Business World, 21 August 2017


Understandable relief greeted last week’s news that GDP had grown 6.5% in the second quarter. The immediate reason, of course, was that the administration avoided having egg on its face for being unable to meet its own growth targets in its first year in office. Instead, we are assured, the economy “is on track to meeting its full year-on-year growth of 6.5% to 7.5%” — never mind that it’s now the lower end of the range we’re talking about.

Taking the long view and beyond scoring political points, however, if GDP does grow by 6-6.5% this year, then the Philippines would qualify as a clear case of “growth acceleration” under the criteria defined by Hausmann, Pritchett, and Rodrik [2005]. Those three criteria are: (1) eight consecutive years during which average per capita GDP growth is at least 3.5% per annum; (2) a bump in per capita output growth of more than two percentage points compared to previous periods; and (3) per capita output at the end of the episode that is higher than any ever previously attained. (Among others, the latter precludes cases where rapid growth is simply the result of recovery from bad recessions.)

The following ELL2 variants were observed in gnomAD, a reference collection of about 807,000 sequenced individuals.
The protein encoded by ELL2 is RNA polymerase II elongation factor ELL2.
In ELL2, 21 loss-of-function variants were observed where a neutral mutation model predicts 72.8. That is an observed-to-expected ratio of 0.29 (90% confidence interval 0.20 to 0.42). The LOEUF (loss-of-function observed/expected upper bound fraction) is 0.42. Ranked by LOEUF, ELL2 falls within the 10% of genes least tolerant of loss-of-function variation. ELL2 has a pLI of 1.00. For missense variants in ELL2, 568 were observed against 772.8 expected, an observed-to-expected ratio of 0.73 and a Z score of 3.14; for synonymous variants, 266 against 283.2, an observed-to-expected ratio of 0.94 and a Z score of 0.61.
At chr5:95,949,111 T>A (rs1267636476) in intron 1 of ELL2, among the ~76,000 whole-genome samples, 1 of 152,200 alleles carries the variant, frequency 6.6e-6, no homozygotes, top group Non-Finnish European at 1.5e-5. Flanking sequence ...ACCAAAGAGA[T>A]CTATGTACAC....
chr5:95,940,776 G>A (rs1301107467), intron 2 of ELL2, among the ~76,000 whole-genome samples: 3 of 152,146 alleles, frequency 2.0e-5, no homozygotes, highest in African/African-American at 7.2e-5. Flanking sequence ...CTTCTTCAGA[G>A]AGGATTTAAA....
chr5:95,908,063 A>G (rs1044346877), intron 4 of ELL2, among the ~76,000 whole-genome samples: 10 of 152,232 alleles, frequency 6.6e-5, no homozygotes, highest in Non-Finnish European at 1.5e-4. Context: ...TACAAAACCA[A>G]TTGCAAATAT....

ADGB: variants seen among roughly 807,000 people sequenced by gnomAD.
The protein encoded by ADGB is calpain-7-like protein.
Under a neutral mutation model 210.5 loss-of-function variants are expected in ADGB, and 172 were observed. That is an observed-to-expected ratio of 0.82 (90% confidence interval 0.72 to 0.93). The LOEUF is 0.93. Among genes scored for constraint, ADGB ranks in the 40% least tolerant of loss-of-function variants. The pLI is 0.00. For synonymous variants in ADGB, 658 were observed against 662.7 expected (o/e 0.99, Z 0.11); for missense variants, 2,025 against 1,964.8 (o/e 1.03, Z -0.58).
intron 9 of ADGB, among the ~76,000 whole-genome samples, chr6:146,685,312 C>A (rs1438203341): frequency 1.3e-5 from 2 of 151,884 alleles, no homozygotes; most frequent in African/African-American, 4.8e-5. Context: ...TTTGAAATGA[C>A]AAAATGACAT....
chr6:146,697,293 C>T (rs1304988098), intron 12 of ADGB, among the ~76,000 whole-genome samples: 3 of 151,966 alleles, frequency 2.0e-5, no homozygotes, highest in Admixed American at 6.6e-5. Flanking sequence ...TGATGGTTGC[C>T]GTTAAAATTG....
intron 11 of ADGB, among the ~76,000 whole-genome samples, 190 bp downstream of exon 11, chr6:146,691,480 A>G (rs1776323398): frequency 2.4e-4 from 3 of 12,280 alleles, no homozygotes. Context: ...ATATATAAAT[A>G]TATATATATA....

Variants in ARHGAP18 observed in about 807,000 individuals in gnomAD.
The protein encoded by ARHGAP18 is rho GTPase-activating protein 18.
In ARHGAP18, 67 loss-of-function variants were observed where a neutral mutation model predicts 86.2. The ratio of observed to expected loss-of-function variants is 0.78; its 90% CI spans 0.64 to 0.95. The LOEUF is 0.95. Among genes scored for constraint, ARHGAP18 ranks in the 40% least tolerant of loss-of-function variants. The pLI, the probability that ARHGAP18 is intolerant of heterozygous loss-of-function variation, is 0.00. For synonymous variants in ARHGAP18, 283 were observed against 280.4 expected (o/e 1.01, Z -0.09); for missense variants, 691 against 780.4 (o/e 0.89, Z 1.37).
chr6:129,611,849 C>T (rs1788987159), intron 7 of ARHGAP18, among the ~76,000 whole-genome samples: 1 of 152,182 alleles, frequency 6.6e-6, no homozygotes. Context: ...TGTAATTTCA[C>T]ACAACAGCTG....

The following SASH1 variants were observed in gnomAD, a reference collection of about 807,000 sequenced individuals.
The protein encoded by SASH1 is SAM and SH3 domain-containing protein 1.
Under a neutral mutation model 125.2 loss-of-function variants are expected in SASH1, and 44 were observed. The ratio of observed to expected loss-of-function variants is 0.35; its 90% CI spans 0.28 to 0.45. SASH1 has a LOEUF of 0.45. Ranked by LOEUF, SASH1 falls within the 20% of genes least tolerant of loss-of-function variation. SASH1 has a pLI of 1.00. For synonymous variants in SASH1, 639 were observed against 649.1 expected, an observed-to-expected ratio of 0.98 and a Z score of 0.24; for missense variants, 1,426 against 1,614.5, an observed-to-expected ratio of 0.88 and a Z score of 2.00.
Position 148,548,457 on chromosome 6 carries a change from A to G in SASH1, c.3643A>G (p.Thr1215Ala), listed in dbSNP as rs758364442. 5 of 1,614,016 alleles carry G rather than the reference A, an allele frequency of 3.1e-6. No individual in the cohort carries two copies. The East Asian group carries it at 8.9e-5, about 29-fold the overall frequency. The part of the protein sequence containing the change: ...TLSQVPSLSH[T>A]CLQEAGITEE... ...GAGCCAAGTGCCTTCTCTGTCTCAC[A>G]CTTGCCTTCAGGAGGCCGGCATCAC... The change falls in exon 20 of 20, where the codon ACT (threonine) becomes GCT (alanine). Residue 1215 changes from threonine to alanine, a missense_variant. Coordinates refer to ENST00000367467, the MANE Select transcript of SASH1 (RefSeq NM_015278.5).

In our present circumstances, per capita GDP over the last eight years (2010-2017) will have grown by an average of 4.5% per year (Criterion 1) — though admittedly mostly under PNoy. This throws shade on the average per capita growth of only 1.8% over the previous three decades (Criterion 2). In fact, this will be the only episode of growth acceleration in post-war Philippine history. (No, not even the Golden Age of authoritarian Marcos rule measured up.) The only other period that could possibly compare is the 1950s, but even that is questionable, since we are not sure pre-war incomes had been regained by the time the growth spurt ended in 1958 (remembering Criterion 3).